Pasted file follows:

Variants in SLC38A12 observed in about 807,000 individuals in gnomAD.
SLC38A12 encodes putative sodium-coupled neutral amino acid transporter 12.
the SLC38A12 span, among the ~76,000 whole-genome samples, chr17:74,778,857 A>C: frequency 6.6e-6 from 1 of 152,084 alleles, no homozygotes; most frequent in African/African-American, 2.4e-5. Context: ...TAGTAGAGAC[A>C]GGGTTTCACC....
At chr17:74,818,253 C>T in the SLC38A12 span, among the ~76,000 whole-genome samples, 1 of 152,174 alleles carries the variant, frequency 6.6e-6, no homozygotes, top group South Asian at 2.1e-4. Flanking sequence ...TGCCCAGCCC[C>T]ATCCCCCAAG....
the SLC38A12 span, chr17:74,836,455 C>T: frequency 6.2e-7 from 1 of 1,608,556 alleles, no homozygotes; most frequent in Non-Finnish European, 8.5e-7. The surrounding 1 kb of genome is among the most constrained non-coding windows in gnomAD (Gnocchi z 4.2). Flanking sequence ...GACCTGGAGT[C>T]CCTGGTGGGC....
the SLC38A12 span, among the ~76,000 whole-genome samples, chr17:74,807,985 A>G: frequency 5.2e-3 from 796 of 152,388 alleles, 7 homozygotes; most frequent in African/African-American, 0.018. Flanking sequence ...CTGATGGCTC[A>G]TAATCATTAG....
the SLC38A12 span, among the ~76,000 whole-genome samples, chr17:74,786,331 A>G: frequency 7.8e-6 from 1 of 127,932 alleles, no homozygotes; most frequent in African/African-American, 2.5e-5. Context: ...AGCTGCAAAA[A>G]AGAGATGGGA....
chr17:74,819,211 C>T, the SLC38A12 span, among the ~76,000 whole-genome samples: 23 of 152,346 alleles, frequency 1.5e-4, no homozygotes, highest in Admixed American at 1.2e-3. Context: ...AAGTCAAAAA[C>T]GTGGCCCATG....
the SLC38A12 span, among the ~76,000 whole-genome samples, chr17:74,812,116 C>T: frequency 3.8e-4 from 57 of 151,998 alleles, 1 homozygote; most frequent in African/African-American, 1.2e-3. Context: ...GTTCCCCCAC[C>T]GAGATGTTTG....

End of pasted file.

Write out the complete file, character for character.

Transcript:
Variants in SLC38A12 observed in about 807,000 individuals in gnomAD.
SLC38A12 encodes putative sodium-coupled neutral amino acid transporter 12.
the SLC38A12 span, among the ~76,000 whole-genome samples, chr17:74,778,857 A>C: frequency 6.6e-6 from 1 of 152,084 alleles, no homozygotes; most frequent in African/African-American, 2.4e-5. Context: ...TAGTAGAGAC[A>C]GGGTTTCACC....
At chr17:74,818,253 C>T in the SLC38A12 span, among the ~76,000 whole-genome samples, 1 of 152,174 alleles carries the variant, frequency 6.6e-6, no homozygotes, top group South Asian at 2.1e-4. Flanking sequence ...TGCCCAGCCC[C>T]ATCCCCCAAG....
the SLC38A12 span, chr17:74,836,455 C>T: frequency 6.2e-7 from 1 of 1,608,556 alleles, no homozygotes; most frequent in Non-Finnish European, 8.5e-7. The surrounding 1 kb of genome is among the most constrained non-coding windows in gnomAD (Gnocchi z 4.2). Flanking sequence ...GACCTGGAGT[C>T]CCTGGTGGGC....
the SLC38A12 span, among the ~76,000 whole-genome samples, chr17:74,807,985 A>G: frequency 5.2e-3 from 796 of 152,388 alleles, 7 homozygotes; most frequent in African/African-American, 0.018. Flanking sequence ...CTGATGGCTC[A>G]TAATCATTAG....
the SLC38A12 span, among the ~76,000 whole-genome samples, chr17:74,786,331 A>G: frequency 7.8e-6 from 1 of 127,932 alleles, no homozygotes; most frequent in African/African-American, 2.5e-5. Context: ...AGCTGCAAAA[A>G]AGAGATGGGA....
chr17:74,819,211 C>T, the SLC38A12 span, among the ~76,000 whole-genome samples: 23 of 152,346 alleles, frequency 1.5e-4, no homozygotes, highest in Admixed American at 1.2e-3. Context: ...AAGTCAAAAA[C>T]GTGGCCCATG....
the SLC38A12 span, among the ~76,000 whole-genome samples, chr17:74,812,116 C>T: frequency 3.8e-4 from 57 of 151,998 alleles, 1 homozygote; most frequent in African/African-American, 1.2e-3. Context: ...GTTCCCCCAC[C>T]GAGATGTTTG....